Schema Therapy for Trauma (3/5): Limited Reparenting
The idea of the ‘inner child’ is central to schema therapy, in which the therapist offers themselves as a secure attachment figure and actively provides a ‘corrective emotional experience’. In the third blog of his series on using schema therapy to work with complex trauma, Dan Roberts shares how he worked with one client’s Vulnerable Child mode to help her move beyond her fear of abandonment and rejection.
Schema therapy is a relational, attachment-based approach. We can clearly see the integration of psychodynamic psychotherapy here – when developing his model, Jeffrey Young knew that 10-20 sessions of CBT would not work for more complex clients. Instead, they needed a slower-paced, long-term ‘corrective emotional experience’. Young mined the rich theoretical seam of attachment theory, especially John Bowlby’s concepts of the ‘secure base’ and ‘safe haven’, to emphasise that schema therapists need to embody these vital aspects of a secure attachment figure for our clients – many of whom have never experienced a safe, nurturing caregiver in their lives.
And when working with any client, whether suffering from trauma or other psychological difficulties, the core therapeutic stance of the schema therapist is ‘limited reparenting’. This means that, as far as possible, we strive to meet the key developmental needs that were not met in our client’s childhood. And understanding that person’s history, as well as their schemas, tells us which needs are most pressing.
For example, if someone had a clinically depressed mother, who (through no fault of her own) was too unwell to maintain a consistent, loving attunement with her baby, that person may well have felt abandoned and been insecurely attached from infancy onwards. They could then develop an Abandonment/Instability schema, which would make all of their intimate (especially romantic) relationships painful and problematic. So my limited reparenting with that person would focus on being consistently warm, compassionate and highly attuned to them, so they were able to form a strong bond with me. This would help heal that schema, as well as gradually changing their attachment style from anxious to secure.
Reparenting the Vulnerable Child
It’s also important to remember that anyone who has experienced complex trauma – especially at a young age – will have a traumatised child inside them. This idea of the ‘inner child’ is common to many therapy modalities, but is given unique importance in schema therapy. All of my reparenting efforts will be focused on the Vulnerable Child mode (as well as any other dissociated or traumatised child modes, such as the Angry Child or Mistrustful Child). Clients seem to find this profoundly healing, especially if their childhood was blighted by trauma, abuse or neglect.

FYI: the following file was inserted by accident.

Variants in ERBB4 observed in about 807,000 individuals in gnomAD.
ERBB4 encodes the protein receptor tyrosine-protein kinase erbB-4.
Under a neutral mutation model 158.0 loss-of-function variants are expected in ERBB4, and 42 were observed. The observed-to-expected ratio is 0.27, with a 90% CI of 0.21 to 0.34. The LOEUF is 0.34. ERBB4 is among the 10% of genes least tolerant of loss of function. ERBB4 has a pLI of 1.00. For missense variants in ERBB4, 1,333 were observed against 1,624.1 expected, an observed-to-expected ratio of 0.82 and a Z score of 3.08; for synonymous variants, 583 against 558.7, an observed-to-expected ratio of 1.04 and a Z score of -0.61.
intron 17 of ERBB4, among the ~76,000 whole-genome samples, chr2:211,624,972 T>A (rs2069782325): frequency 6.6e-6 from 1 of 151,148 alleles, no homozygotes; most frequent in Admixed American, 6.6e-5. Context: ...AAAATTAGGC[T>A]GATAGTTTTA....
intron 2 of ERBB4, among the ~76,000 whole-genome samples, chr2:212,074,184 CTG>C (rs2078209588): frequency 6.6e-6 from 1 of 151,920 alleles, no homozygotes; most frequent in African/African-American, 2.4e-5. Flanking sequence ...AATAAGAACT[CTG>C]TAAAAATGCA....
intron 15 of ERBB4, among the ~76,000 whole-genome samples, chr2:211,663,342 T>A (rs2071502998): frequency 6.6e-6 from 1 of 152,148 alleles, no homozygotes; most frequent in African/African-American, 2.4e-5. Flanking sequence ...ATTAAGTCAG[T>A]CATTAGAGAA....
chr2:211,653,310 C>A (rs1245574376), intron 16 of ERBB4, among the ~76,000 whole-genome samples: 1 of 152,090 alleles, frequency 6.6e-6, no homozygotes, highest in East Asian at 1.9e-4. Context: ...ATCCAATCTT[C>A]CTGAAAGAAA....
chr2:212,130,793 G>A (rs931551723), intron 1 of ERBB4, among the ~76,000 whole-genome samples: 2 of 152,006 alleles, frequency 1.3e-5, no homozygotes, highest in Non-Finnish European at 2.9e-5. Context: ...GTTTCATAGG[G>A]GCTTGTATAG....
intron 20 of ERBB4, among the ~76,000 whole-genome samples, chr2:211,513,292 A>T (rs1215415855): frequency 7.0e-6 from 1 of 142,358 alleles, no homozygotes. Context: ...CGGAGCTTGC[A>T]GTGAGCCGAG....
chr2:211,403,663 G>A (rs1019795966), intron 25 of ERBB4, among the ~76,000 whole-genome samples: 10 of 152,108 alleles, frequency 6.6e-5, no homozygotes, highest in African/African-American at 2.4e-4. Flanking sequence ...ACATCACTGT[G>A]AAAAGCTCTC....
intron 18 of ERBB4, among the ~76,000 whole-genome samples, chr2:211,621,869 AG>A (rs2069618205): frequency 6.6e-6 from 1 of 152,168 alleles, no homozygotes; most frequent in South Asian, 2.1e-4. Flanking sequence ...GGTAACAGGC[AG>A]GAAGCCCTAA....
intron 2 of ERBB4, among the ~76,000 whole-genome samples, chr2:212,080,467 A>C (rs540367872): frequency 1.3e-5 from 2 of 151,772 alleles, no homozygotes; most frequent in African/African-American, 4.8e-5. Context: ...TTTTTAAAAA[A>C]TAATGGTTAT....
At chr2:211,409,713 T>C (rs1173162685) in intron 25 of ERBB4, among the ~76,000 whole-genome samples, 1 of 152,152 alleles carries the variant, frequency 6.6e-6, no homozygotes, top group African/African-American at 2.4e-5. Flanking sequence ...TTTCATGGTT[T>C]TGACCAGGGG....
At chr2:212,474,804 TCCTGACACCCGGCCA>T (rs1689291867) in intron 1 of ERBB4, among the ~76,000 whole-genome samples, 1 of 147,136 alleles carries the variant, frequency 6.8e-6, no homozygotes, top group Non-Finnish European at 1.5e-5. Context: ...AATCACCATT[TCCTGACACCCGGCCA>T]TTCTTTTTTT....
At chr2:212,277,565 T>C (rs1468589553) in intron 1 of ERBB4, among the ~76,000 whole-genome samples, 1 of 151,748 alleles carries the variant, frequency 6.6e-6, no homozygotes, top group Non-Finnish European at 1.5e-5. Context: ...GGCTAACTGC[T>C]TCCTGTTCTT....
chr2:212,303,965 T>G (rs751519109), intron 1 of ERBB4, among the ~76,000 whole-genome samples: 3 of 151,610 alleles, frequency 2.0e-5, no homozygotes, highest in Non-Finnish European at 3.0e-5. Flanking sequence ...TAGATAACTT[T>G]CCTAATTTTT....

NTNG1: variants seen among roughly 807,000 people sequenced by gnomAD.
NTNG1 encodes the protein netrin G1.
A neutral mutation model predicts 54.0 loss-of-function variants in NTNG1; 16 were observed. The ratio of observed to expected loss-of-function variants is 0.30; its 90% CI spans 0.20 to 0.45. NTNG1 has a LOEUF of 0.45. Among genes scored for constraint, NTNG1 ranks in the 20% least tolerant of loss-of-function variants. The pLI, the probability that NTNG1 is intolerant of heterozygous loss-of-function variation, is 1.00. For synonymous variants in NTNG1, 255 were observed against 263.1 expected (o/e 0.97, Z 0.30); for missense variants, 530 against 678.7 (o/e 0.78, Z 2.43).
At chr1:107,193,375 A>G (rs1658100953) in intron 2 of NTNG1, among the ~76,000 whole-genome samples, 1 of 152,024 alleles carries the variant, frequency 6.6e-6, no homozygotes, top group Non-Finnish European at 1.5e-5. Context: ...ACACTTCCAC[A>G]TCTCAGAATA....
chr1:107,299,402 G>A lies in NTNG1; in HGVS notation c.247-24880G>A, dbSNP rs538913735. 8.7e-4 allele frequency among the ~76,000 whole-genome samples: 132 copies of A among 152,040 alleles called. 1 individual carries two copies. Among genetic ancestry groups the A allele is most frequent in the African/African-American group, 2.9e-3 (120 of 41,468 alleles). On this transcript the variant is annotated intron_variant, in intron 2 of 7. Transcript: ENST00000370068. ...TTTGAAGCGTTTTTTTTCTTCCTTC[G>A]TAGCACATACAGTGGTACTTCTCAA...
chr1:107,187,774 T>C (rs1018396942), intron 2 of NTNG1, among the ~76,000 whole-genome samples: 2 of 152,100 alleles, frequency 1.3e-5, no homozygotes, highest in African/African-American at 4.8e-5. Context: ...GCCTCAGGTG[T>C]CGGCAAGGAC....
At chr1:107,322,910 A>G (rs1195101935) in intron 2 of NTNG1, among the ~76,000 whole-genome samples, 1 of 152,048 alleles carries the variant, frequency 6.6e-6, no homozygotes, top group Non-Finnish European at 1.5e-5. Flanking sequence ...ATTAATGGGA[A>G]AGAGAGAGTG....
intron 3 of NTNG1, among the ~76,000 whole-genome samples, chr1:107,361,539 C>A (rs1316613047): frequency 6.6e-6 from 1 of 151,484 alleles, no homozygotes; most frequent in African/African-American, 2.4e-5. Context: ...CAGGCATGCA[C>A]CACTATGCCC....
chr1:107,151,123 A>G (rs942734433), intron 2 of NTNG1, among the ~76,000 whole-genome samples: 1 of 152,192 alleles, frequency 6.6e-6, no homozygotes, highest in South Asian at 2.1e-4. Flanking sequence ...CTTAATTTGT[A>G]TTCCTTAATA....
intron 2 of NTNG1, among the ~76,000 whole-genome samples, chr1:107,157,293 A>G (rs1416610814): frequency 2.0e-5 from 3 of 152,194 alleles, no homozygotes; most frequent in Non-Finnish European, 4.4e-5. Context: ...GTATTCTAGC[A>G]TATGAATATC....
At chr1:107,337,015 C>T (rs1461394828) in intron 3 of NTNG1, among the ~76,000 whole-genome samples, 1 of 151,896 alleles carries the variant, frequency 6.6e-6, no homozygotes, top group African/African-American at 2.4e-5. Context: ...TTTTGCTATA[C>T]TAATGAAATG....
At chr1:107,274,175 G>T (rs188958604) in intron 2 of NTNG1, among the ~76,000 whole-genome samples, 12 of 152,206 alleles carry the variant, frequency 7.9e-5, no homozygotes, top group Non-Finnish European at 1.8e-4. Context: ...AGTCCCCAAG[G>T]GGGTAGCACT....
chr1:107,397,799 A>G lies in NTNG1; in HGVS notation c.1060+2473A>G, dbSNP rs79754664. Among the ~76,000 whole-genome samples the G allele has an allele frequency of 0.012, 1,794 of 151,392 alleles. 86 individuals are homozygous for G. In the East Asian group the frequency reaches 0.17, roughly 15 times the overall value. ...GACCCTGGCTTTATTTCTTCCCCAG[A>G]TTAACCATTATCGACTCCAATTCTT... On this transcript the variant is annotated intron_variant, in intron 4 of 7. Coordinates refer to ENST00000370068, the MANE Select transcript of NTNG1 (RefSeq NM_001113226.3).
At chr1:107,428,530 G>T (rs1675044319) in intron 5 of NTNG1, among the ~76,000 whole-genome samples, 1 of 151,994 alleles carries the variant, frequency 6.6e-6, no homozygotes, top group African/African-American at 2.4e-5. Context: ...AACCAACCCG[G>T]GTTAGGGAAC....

Emma’s Vulnerable Child was highly sensitive to perceived signs of rejection or abandonment. At times, she would get angry with me for taking holidays, as these breaks would trigger her Abandonment schema and she would panic that I was leaving her. To calm and soothe her, I would speak directly to Little Emma, saying, “I know you are really scared right now and worry that I am leaving you. But I promise that’s not happening. I need to take a break sometimes, so I can recharge my batteries and be better able to help you, but I will see you in two weeks”.
To help her through the break, I would record voice messages on her phone, reminding her that I was still there, still cared about her and was not going anywhere. I also gave her a small, polished stone to keep in her pocket – a ‘think of Dan’ stone. Whenever Little Emma got anxious about being abandoned, Emma could hold the stone and conjure up an image of my face, imagine my voice and what I would say to calm her. These ‘transitional objects’ are a key part of the limited-reparenting process. They also helped Emma to internalise me as a secure attachment figure.
When I am teaching schema therapy to mental health professionals, the idea of encouraging between-session phone, email and text contact with their clients often triggers some anxiety! This may be frowned upon in their modality; they might also fear being overwhelmed or flooded with messages by overly demanding clients. In this, as in many other ways, schema therapists push the psychotherapeutic boundaries to provide a truly deep, relational experience for our clients. But this is always within the normal ethical parameters and it’s helpful to set limits, saying you will only respond in office hours, unless it’s an emergency.
In my experience, just sending me the odd message reassures and soothes clients like Emma. It helped Little Emma believe that I was still there for her, even when physically I was not. And if the messages got too much, I gently worked with that to reduce them to a level that was manageable for us both. As Young often says, ‘Therapists have needs too!’ So if you are looking to incorporate some of these ideas into your practice, remember to take care of yourself and recognise your own limits – burning out helps neither you nor your clients.